Furthermore, diagrams are particularly useful in providing instructions as they allow for more detail to be included and for the instructions to be broken down into smaller, more manageable steps. This makes it easier for the user to understand each step and to complete the task.

In the world of tatters, the diagram is becoming a universal “language of communication.” Moreover, diagrams can be invaluable for providing a visual representation that gives a clearer indication of the task at hand. This can enable users to more easily comprehend and execute instructions, making the process faster and more efficient. As such, diagrams have become increasingly popular for providing concise and accurate instructions in an understandable format.

There is no doubt that tatting diagrams are great learning tools for visual learners, and they are a fantastic way to begin thinking about tatting more visually.

Have You Ever Considered Designing Your Own Tatting Pattern?

Having a good understanding of tatting diagram patterns can also have a positive effect on the process of learning to design your own patterns once you become familiar with reading tatting diagram patterns.

Having a basic understanding of how a tatting diagram works is an extremely helpful skill that you can use to expand your tatting possibilities.

Briefly, what you need to know…

Start Off With A Ring

A circle indicates to you that you will be making a ring. A ring is the tatting component most tatting projects start out with, because a ring is more sturdy than a chain or any other component of tatting, thus allowing a more sturdy foundation.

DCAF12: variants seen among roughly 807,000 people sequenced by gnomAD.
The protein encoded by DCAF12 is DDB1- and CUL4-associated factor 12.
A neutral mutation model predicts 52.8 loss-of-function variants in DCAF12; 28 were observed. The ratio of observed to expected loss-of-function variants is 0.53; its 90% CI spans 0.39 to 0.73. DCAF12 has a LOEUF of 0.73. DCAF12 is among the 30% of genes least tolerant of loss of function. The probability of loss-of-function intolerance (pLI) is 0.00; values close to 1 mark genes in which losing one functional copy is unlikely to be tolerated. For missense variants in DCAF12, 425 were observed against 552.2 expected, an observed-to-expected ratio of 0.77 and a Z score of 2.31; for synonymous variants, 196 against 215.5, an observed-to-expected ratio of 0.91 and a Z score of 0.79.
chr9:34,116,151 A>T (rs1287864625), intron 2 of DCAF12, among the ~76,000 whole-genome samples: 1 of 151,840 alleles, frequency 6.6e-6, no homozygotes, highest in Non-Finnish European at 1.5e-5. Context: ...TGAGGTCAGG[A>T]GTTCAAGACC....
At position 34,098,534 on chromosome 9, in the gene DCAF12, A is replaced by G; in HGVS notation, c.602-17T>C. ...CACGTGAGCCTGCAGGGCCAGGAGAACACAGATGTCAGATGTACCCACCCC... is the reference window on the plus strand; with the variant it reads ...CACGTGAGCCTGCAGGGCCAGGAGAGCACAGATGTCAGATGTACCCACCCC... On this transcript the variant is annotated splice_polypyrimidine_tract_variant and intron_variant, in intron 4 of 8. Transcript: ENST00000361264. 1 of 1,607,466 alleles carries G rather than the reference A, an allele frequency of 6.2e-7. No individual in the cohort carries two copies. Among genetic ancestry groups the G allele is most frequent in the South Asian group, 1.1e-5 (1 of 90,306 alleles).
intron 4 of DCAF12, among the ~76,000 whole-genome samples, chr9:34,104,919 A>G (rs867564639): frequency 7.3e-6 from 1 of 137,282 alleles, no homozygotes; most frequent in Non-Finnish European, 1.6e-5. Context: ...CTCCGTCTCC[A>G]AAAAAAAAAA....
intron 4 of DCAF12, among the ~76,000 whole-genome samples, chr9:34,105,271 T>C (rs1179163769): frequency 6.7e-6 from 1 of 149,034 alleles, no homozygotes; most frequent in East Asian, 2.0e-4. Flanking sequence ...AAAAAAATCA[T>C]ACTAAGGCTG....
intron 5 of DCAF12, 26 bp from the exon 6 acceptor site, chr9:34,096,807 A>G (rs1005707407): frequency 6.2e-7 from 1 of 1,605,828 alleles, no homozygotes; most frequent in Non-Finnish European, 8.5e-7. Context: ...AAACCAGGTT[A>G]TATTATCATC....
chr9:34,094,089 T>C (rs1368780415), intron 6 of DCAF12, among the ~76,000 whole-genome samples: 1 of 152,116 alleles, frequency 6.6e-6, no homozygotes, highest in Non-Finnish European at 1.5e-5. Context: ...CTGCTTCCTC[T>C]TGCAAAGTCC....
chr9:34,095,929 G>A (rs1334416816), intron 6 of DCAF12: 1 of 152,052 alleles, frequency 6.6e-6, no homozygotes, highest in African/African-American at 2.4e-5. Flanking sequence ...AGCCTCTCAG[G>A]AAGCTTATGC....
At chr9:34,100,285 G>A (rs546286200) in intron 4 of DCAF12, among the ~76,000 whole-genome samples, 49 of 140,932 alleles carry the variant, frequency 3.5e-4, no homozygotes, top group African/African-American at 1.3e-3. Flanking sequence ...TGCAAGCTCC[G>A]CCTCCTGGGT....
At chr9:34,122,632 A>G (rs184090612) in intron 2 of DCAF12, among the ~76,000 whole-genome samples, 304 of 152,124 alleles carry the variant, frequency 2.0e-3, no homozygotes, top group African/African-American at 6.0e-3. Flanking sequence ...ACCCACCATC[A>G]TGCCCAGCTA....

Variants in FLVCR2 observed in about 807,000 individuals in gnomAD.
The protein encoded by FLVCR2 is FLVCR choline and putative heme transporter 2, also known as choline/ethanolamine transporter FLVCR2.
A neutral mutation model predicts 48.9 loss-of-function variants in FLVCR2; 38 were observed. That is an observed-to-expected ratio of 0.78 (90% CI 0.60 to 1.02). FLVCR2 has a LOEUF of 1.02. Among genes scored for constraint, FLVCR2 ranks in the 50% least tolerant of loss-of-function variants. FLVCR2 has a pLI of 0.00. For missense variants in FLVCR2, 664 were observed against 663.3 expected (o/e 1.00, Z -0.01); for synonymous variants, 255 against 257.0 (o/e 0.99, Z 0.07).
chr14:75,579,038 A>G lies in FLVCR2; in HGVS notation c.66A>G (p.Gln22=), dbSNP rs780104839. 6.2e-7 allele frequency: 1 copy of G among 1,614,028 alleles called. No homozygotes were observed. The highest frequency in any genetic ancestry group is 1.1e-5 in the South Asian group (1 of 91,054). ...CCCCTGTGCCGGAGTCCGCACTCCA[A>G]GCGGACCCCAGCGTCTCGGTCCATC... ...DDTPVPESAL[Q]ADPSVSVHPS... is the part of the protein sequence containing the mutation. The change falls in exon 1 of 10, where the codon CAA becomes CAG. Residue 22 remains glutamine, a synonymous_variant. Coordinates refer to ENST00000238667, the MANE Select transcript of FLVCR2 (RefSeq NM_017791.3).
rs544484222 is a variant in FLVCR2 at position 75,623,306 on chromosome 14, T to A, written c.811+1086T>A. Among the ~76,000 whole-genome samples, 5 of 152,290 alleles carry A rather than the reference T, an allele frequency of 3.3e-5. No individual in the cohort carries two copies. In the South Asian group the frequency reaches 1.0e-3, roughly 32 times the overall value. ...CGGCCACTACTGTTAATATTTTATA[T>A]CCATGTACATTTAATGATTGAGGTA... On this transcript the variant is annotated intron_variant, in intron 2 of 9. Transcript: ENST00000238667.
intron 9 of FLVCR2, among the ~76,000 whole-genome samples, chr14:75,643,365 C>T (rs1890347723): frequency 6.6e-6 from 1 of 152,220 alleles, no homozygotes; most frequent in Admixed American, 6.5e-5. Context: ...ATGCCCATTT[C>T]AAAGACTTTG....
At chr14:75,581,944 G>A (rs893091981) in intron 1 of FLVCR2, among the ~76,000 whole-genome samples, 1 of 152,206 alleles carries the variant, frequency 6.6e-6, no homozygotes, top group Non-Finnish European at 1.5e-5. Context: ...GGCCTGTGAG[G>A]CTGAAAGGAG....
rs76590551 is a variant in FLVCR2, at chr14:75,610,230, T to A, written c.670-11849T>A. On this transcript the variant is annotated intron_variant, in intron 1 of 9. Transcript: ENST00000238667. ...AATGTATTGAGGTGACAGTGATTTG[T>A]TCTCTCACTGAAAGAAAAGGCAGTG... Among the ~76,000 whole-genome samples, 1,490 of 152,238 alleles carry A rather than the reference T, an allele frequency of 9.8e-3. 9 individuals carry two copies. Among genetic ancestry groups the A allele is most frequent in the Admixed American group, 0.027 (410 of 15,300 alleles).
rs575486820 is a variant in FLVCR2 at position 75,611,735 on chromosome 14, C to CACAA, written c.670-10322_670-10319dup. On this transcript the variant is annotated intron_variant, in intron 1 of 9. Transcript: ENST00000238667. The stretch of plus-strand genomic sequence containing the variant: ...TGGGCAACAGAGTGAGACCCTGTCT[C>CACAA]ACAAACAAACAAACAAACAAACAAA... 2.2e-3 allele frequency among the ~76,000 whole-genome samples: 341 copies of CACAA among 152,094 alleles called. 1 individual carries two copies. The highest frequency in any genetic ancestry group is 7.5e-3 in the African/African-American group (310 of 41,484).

There are also curved “arches” that indicate a chain should be made. Chains are sometimes less curved and more straight than the ones shown in the example below.

A diagram with a straighter (less curved chain) will generally show you how curved the chain needs to be.

Dashes indicate a picot (also sometimes a picot is used to join two components – ring/ring, ring/chain, or chain/chain).

Each dash represents one picot, so you can determine how many picots are included in any given component by counting the dashes for that particular component.

A dash that connects two rings or two chains indicates a picot join.

The number of double stitches to make in a ring or a chain is indicated by the number values placed between picots in rings and chains.

In some patterns, you will see a single number value within a ring or a chain, along with dashes indicating the number of picots in that component. The single number represents the number of double stitches in between each picot, a well as the number of double stitches outside of the first and last picots of that particular ring or chain.

In tatting diagrams, whether or not to reverse work is not normally provided as part of the instructions, and as a result must be assumed by the direction of the preceding ring or chain.

This is a difficult concept to explain, but I will do my best.

A chain will curve either in one direction or another. The reason for this is that the top of a completed double stitch “takes up more room” (is wider) than the bottom of the double stitch. This is because there is a “lip” across the top of a double stitch, while the bottom of the double stitch doesn’t have that “lip” and is instead just 2 threads wrapped around the core thread.

The “lips” at the tops of the double stitches require more room than the bottoms of the double stitches. As a result, when you have a group of double stitches on your core thread to make a chain and you pull tight the double stitches along the core thread, the chain group of double stitches automatically is forced to curve either up or down.

Simply stated, in order to determine which direction your chain needs to curve, you will need to look at the pattern to see which way it curves, and adjust (reverse) the work already completed accordingly. Below are some images that I hope will help.

As a rule of thumb, most projects start at the center and work their way outward from there.